Last week, we heard about Jesus at the synagogue in Capernaum on the Sabbath day. His disciples, Simon and Andrew, James and John, witnessed his authority, his power to act, as he makes the man with the unclean spirit whole. The Gospel reading for this Sunday takes place right after Jesus leaves the synagogue. It is still the same Sabbath day.
As soon as they left the synagogue, they entered the house of Simon and Andrew, with James and John. Now Simon’s mother-in-law was in bed with a fever, and they told him about her at once. He came and took her by the hand and lifted her up. Then the fever left her, and she began to serve them.
Simon and Andrew--remember, they are brothers--live in Capernaum. Simon's wife's mother lives with them, too. I wonder how they feel to have Jesus enter their home. "At once," they tell him that Simon's mother-in-law is sick. When Jesus comes to her, touches her, and lifts her up, she is made well! Another work of power! What must Simon and the others think? His mother-in-law must feel so very grateful; she immediately begins to serve Jesus, her son-in-law, and his friends.
That evening, at sunset, they brought to him all who were sick or possessed with demons.
For the Jewish people, sunset marks the end of the Sabbath day. When it is evening, they may work again, they may carry loads. Now they may carry their loved ones, those who are sick and those who are possessed with demons, to Jesus. St. Mark is not very clear, though, who "they" are. Who brings them to Jesus? Do people who saw him at the synagogue suddenly arrive at the house? Or do Simon and the others go out and bring people to him?
And the whole city was gathered around the door. And he cured many who were sick with various diseases, and cast out many demons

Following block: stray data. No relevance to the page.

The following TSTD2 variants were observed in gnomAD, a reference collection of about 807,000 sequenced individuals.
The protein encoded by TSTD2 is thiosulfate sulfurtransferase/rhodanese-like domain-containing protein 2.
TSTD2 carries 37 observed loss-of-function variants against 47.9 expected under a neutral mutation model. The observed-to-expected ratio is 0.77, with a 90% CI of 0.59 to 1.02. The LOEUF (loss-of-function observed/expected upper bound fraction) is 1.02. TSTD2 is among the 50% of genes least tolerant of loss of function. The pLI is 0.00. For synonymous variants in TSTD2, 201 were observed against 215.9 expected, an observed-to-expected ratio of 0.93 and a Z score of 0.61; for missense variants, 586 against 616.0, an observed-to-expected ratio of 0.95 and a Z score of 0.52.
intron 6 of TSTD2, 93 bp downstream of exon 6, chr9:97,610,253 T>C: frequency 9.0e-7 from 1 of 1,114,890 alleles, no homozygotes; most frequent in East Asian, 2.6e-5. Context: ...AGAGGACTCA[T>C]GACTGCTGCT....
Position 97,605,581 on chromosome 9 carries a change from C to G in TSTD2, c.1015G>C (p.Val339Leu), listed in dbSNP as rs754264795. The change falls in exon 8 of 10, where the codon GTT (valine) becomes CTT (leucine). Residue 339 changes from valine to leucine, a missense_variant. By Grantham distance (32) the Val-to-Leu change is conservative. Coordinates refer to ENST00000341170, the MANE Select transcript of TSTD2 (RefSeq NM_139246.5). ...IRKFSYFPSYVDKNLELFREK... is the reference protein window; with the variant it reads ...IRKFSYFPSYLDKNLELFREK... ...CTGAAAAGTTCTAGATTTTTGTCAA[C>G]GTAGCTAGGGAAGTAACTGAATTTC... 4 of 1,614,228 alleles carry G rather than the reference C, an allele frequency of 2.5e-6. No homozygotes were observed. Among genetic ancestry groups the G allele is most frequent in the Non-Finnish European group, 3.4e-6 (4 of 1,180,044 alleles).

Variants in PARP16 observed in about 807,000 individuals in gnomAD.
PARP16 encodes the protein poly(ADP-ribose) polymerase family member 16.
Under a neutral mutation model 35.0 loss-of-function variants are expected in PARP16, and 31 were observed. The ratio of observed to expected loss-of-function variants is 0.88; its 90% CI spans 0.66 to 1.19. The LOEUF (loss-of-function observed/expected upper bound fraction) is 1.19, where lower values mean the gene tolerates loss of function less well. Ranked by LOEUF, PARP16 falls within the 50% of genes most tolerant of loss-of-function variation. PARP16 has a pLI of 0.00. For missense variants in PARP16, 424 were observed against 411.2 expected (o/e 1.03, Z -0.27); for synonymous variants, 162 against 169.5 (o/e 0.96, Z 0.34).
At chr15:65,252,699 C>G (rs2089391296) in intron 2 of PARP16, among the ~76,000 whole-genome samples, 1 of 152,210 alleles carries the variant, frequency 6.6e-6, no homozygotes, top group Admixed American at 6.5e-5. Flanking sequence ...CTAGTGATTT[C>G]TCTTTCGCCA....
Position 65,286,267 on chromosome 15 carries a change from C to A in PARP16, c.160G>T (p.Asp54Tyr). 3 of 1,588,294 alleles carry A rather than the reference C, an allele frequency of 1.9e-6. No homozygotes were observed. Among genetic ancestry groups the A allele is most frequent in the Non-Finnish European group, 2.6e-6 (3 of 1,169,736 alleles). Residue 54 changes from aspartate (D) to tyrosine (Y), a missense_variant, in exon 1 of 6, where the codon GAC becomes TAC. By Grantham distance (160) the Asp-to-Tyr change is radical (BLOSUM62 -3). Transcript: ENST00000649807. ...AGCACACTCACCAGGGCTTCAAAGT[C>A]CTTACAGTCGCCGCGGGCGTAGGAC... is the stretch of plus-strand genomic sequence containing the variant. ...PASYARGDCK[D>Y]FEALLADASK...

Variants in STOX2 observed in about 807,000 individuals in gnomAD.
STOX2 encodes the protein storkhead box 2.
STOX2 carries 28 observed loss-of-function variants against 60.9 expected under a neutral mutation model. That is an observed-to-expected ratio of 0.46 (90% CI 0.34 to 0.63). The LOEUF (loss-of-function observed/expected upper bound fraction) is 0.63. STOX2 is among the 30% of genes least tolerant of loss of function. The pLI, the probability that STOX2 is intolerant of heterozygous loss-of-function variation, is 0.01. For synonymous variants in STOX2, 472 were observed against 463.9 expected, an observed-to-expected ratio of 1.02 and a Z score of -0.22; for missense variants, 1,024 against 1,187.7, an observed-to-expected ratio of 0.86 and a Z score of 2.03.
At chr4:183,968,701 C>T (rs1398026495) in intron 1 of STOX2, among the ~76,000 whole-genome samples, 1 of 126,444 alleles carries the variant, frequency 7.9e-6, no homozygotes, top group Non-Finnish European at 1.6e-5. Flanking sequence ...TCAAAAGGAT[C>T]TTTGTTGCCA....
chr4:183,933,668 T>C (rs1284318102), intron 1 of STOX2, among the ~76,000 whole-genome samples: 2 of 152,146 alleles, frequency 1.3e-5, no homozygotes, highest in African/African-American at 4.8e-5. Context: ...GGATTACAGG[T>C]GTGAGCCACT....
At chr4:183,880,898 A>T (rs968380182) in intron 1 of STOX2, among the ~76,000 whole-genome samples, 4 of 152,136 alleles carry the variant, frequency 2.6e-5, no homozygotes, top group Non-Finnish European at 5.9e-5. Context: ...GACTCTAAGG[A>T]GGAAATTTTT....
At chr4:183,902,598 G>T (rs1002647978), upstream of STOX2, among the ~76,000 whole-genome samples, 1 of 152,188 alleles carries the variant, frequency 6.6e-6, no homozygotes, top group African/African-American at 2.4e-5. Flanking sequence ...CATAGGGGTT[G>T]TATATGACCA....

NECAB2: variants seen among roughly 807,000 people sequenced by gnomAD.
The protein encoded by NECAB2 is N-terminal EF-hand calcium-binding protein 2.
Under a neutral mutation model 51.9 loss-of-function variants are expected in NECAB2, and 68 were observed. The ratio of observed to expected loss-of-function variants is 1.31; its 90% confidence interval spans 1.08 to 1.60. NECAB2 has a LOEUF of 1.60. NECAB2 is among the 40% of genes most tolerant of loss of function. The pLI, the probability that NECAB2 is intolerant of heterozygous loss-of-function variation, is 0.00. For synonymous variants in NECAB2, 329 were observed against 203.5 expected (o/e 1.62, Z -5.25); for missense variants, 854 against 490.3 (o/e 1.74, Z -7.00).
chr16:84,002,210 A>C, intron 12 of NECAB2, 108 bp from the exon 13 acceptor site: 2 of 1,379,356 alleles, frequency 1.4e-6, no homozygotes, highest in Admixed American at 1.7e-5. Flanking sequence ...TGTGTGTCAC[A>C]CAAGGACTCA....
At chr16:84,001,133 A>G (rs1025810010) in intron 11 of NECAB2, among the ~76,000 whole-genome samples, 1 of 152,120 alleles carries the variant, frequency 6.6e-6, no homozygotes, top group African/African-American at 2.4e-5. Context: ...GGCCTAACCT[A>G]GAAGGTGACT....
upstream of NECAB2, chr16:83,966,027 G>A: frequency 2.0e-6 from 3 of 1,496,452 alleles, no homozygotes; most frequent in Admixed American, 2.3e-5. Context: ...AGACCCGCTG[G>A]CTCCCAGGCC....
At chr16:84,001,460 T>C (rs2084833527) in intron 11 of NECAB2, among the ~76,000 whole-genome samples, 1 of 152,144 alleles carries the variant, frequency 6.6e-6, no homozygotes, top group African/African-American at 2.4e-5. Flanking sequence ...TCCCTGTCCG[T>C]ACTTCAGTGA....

What a day for Jesus and the disciples! What have they seen? Jesus has taught with authority in the synagogue, he has made a man with an unclean spirit whole, he has lifted up Simon's mother-in-law from her sickbed, and now he has cured many more people in their city! They have witnessed so many works of power in their short time as disciples. If all this can happen in one day, what will happen on the next day? I wonder what they think as they go to sleep that night.
In the morning, while it was still very dark, he got up and went out to a deserted place, and there he prayed.
The Sabbath must have been a very long day for Jesus, but St. Mark tells us he gets up very early the next day. The Greek action words that St. Mark uses to tell us what Jesus does, say that after Jesus gets up, he goes out and departs for the deserted place. In English, we just say he "went out" because goes out and departs mean the same thing. It seems like St. Mark is just repeating himself. But we know that repetition in the Bible tells us to pay attention. Something important is happening.
Jesus very deliberately searches for time alone to pray. We can say that Jesus seeks out time alone to pray. He must really need to be alone with God.
And Simon and his companions hunted for him.
Jesus seeks out God. The disciples hunt for Jesus. Hunting is also a way of searching very deliberately. But is it the same thing as seeking? Are they doing the same thing?
When they found him, they said to him, “Everyone is searching for you.”
Everyone is searching, it seems! What do the disciples mean? It seems like they might almost be reproaching Jesus, reminding him of the people in need. They want him to come back into their city, back to their home. They'd like him to perform more works of power. They have been hunting him so that he can do their will.
But Jesus says,
“Let us go on to the neighbouring towns, so that I may proclaim the message there also; for that is what I came out to do.” And he went throughout Galilee, proclaiming the message in their synagogues and casting out demons.
Jesus does not do what the disciples want. He does not do the will of the disciples. Why not? Doesn't he want to help the people of Capernaum anymore? It would be good to help them a little longer. They could leave for other places the next day.
How does Jesus decide what to do? How does he choose which good thing to do?
We remember that just before the disciples arrive, Jesus spends time alone with God. Alone in the deserted place, perhaps he can focus on what God wants. Perhaps alone with God, he learns how to use the power to act. Perhaps in prayer, Jesus seeks out the will of God.
The disciples have so much to learn. They need to learn that "disciple" means follower, not hunter. They need to learn that hunting is not the same as seeking. They need to learn to seek out the will of God.
We know more than the disciples, because Jesus has already taught us to seek out the will of God. Jesus has already taught us to pray,